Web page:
by Ian Ozsvald
At EuroPython 2011 I ran a very hands-on tutorial for High Performance Python techniques. This updated tutorial will cover profiling, PyPy, Cython, numpy, NumExpr, ShedSkin, multiprocessing, ParallelPython and pyCUDA. Here's a 55 page PDF write-up of the EuroPython material: http://ianozsvald.com/2011/07/25...
At EuroPython 2011 I ran a very hands-on tutorial for High Performance Python techniques. This updated tutorial will cover:
I plan to expand the original material and to maybe also cover other tools like execnet and PyPy-numpy.
by Adam Lowry
Understanding the internal state of a running system can be vital to maintaining a high performance, stable system, but conventional approaches such as logging and error handling only expose so much. This talk will touch on how to instrument Python programs in order to observe the state of the system, measure performance, and identify ongoing problems.
Something is wrong with your web application. The time it’s taking to serve requests is growing. Your logs don’t contain enough. Your database appears bored. How do you know what’s going wrong?
In high-performance production servers it’s vital to know as much about the internals of your system as possible. Traditionally this is done by simple methods like logging anything of potential interest or sending error emails with unexpected exceptions. These methods are insufficient, both due to the level of noise inherent in such systems and because of the difficulty in anticipating what metrics are important during an incident.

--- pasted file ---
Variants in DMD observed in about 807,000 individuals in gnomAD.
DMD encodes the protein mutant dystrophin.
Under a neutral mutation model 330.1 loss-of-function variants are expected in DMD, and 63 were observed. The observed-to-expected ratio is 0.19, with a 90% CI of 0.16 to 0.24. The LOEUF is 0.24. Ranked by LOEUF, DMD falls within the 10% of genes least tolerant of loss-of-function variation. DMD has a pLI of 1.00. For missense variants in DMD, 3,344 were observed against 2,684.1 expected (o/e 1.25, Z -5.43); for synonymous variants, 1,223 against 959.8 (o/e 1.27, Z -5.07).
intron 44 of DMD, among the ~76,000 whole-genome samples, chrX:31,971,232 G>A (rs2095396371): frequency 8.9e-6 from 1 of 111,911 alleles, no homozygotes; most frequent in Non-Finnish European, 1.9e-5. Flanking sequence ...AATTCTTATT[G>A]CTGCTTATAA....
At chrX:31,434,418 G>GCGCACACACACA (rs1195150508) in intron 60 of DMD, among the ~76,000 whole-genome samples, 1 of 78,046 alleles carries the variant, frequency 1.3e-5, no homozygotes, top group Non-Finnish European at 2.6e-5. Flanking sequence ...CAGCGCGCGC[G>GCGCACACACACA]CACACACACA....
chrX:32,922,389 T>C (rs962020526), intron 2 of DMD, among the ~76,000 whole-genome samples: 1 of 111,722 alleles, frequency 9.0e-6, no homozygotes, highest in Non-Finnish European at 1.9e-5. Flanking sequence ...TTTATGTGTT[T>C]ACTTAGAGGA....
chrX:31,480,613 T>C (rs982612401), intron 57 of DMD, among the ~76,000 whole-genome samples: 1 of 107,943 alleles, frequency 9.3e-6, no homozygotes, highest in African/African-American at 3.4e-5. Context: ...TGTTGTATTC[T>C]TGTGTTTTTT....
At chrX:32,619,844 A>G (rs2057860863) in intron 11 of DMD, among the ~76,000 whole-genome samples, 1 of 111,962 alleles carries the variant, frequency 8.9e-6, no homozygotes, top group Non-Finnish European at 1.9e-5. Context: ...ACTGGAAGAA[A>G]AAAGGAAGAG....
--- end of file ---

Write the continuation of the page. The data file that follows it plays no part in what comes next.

Environments such as the JVM and .Net VM have advanced tools for communicating with the VM and for applications to expose internal state, but CPython has lacked similar tooling.
This talk will cover what options CPython application developers have for introspecting their programs; new tools for instrumenting, exposing, and compiling performance and behavior metrics; and techniques for diagnosing runtime issues without restarting the process.
7th–15th March 2012